Education and support strategies improve assessment and management of pain by nurses

Education and support strategies improve assessment and management of pain by nurses 1IntroductionIn this issue of the Scandinavian Journal of Pain, Peterson and colleagues report on a quality improvement study aimed to improve pain assessment in three hospitals in Sweden [1]. Nurses and nurse assistants received education on new assessment routines, consisting of standardized methods of assessment and documentation of pain. The authors did identify barriers to optimal practice before embarking on the project and care was taken to adjust the intervention to local context. Pain resource nurses (PRNs) in each participating ward provided both education and support to staff, in addition to the research team. The intervention was successful in changing practices. The documentation of pain severity with the numeric scale increased from 7% to 36% and the proportion of patients who were reassessed after receiving analgesics increased from 73% to 86%.2Pain assessmentPain assessment is an important part of quality pain management [2]. It is the first step in pain management and is essential for pain treatment decisions [3]. Still pain is not adequately assessed in many health care settings [4,5,6], so projects aimed at improving pain assessment are of importance. Use of standardized scales for measuring pain severity and evaluating patient’s response to treatment is recommended in clinical guidelines http://www.deepdyve.com/assets/images/DeepDyve-Logo-lg.png Scandinavian Journal of Pain de Gruyter

Education and support strategies improve assessment and management of pain by nurses

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Publisher
de Gruyter
Copyright
© 2017 Scandinavian Association for the Study of Pain
ISSN
1877-8860
eISSN
1877-8879
D.O.I.
10.1016/j.sjpain.2017.04.004
Publisher site
See Article on Publisher Site

Abstract

1IntroductionIn this issue of the Scandinavian Journal of Pain, Peterson and colleagues report on a quality improvement study aimed to improve pain assessment in three hospitals in Sweden [1]. Nurses and nurse assistants received education on new assessment routines, consisting of standardized methods of assessment and documentation of pain. The authors did identify barriers to optimal practice before embarking on the project and care was taken to adjust the intervention to local context. Pain resource nurses (PRNs) in each participating ward provided both education and support to staff, in addition to the research team. The intervention was successful in changing practices. The documentation of pain severity with the numeric scale increased from 7% to 36% and the proportion of patients who were reassessed after receiving analgesics increased from 73% to 86%.2Pain assessmentPain assessment is an important part of quality pain management [2]. It is the first step in pain management and is essential for pain treatment decisions [3]. Still pain is not adequately assessed in many health care settings [4,5,6], so projects aimed at improving pain assessment are of importance. Use of standardized scales for measuring pain severity and evaluating patient’s response to treatment is recommended in clinical guidelines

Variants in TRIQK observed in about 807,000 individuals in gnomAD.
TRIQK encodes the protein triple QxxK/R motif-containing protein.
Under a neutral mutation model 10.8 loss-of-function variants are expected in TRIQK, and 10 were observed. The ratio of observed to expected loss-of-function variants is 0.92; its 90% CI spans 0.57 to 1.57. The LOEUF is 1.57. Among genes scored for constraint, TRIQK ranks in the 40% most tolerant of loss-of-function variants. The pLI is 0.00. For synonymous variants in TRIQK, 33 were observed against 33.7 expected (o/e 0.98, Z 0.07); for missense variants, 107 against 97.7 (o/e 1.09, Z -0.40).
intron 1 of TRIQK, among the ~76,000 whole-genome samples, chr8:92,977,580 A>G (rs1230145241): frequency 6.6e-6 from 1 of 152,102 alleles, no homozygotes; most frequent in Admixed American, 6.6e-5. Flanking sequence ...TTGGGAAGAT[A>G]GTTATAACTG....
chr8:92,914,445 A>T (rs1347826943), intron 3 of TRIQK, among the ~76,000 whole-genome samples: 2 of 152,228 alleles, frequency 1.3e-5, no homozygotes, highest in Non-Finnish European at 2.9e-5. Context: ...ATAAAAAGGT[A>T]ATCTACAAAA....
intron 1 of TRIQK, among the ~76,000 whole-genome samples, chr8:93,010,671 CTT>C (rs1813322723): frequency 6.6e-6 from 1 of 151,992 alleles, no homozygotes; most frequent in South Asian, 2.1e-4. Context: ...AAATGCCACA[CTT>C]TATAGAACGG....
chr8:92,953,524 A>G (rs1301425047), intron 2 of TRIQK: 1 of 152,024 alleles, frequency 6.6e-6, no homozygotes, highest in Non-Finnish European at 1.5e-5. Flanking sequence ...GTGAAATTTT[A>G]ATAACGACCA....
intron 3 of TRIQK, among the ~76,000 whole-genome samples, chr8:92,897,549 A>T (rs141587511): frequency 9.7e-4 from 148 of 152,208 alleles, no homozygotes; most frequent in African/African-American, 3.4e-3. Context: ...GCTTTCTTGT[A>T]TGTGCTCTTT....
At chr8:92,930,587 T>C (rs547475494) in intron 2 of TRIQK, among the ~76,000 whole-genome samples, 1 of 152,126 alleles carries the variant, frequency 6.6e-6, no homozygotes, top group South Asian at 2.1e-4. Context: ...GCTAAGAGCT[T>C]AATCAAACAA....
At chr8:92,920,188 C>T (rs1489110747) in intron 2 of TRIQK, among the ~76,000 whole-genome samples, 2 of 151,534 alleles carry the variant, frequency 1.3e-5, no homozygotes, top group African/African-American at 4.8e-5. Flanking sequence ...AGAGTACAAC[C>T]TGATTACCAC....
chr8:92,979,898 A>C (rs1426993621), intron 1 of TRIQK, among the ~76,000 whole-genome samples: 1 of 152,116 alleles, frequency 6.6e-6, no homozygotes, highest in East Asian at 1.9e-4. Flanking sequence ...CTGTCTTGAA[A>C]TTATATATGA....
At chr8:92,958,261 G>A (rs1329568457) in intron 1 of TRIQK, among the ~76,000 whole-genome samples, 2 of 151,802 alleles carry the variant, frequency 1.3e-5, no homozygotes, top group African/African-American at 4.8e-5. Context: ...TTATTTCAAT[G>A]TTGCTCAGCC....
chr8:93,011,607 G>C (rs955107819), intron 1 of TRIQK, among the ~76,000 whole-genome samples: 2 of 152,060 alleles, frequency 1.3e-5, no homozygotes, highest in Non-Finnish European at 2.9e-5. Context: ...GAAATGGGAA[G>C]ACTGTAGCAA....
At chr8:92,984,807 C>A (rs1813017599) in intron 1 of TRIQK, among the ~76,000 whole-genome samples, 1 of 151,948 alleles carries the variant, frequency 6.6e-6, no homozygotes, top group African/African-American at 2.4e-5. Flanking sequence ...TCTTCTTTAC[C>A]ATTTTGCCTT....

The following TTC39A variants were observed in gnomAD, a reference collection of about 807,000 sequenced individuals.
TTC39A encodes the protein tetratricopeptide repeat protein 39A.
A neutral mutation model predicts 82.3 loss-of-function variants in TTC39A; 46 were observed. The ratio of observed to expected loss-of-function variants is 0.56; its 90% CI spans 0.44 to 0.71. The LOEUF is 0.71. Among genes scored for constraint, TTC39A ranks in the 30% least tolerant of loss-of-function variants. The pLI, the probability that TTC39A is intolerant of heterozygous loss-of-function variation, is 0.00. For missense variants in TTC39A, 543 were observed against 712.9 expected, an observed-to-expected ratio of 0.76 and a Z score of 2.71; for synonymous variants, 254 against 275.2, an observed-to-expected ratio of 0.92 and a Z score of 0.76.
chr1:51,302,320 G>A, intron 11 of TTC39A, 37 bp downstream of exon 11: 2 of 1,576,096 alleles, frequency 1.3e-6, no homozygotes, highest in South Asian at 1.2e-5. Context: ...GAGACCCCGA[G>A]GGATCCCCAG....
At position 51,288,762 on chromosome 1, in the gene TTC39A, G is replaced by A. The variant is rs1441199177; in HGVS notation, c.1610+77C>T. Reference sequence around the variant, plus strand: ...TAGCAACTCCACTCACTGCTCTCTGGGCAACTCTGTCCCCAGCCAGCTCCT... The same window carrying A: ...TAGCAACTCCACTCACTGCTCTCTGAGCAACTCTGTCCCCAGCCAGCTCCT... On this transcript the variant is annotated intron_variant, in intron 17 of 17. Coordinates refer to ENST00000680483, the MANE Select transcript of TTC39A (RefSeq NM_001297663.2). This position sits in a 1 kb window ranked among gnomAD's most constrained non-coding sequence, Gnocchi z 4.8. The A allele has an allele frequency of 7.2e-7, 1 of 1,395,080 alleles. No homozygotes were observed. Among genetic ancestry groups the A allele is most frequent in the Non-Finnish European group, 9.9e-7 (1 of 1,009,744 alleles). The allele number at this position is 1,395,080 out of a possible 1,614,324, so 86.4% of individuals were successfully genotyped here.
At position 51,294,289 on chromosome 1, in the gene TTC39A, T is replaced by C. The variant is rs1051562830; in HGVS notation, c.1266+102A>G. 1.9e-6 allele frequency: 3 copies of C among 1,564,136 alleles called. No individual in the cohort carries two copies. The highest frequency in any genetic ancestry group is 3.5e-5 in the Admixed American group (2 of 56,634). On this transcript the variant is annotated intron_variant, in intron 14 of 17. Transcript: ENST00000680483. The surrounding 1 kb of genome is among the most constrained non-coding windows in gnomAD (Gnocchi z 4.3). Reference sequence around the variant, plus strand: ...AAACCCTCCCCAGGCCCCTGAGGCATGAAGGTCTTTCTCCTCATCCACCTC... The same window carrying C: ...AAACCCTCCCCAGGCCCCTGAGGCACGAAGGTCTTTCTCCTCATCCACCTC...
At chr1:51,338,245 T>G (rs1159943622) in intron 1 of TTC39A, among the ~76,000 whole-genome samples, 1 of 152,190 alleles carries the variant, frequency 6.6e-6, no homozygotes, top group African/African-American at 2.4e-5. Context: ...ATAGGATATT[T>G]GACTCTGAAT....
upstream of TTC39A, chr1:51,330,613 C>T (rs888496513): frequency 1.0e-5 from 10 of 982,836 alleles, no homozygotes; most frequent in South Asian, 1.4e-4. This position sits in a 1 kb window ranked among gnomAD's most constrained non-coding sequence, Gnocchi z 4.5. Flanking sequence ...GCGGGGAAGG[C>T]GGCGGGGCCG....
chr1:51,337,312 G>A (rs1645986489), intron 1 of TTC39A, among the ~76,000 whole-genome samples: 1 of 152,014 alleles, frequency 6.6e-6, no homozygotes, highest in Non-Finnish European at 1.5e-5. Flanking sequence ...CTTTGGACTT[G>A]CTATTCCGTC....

Journal

Scandinavian Journal of Painde Gruyter

Published: Jul 1, 2017

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